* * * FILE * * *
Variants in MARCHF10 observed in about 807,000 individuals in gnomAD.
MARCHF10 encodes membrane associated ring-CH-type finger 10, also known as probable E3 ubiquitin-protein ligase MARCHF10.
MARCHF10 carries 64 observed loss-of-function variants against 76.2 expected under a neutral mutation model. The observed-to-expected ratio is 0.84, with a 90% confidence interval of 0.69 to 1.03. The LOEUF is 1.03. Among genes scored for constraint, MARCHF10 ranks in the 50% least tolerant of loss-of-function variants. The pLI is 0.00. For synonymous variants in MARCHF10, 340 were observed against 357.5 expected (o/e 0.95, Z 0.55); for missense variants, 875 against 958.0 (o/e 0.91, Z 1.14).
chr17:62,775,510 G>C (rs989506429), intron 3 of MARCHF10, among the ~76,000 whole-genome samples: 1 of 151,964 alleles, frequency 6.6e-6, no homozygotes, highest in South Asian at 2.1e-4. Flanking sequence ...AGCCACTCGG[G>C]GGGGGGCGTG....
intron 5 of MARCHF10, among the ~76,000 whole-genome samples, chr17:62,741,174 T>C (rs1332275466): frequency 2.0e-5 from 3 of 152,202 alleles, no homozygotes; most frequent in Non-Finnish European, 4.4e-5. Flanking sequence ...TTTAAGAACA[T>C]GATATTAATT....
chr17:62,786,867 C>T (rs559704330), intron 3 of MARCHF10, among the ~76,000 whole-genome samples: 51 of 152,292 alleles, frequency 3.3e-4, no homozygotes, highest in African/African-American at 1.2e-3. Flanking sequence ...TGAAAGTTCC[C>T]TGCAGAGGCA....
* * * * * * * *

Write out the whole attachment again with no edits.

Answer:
Variants in MARCHF10 observed in about 807,000 individuals in gnomAD.
MARCHF10 encodes membrane associated ring-CH-type finger 10, also known as probable E3 ubiquitin-protein ligase MARCHF10.
MARCHF10 carries 64 observed loss-of-function variants against 76.2 expected under a neutral mutation model. The observed-to-expected ratio is 0.84, with a 90% confidence interval of 0.69 to 1.03. The LOEUF is 1.03. Among genes scored for constraint, MARCHF10 ranks in the 50% least tolerant of loss-of-function variants. The pLI is 0.00. For synonymous variants in MARCHF10, 340 were observed against 357.5 expected (o/e 0.95, Z 0.55); for missense variants, 875 against 958.0 (o/e 0.91, Z 1.14).
chr17:62,775,510 G>C (rs989506429), intron 3 of MARCHF10, among the ~76,000 whole-genome samples: 1 of 151,964 alleles, frequency 6.6e-6, no homozygotes, highest in South Asian at 2.1e-4. Flanking sequence ...AGCCACTCGG[G>C]GGGGGGCGTG....
intron 5 of MARCHF10, among the ~76,000 whole-genome samples, chr17:62,741,174 T>C (rs1332275466): frequency 2.0e-5 from 3 of 152,202 alleles, no homozygotes; most frequent in Non-Finnish European, 4.4e-5. Flanking sequence ...TTTAAGAACA[T>C]GATATTAATT....
chr17:62,786,867 C>T (rs559704330), intron 3 of MARCHF10, among the ~76,000 whole-genome samples: 51 of 152,292 alleles, frequency 3.3e-4, no homozygotes, highest in African/African-American at 1.2e-3. Flanking sequence ...TGAAAGTTCC[C>T]TGCAGAGGCA....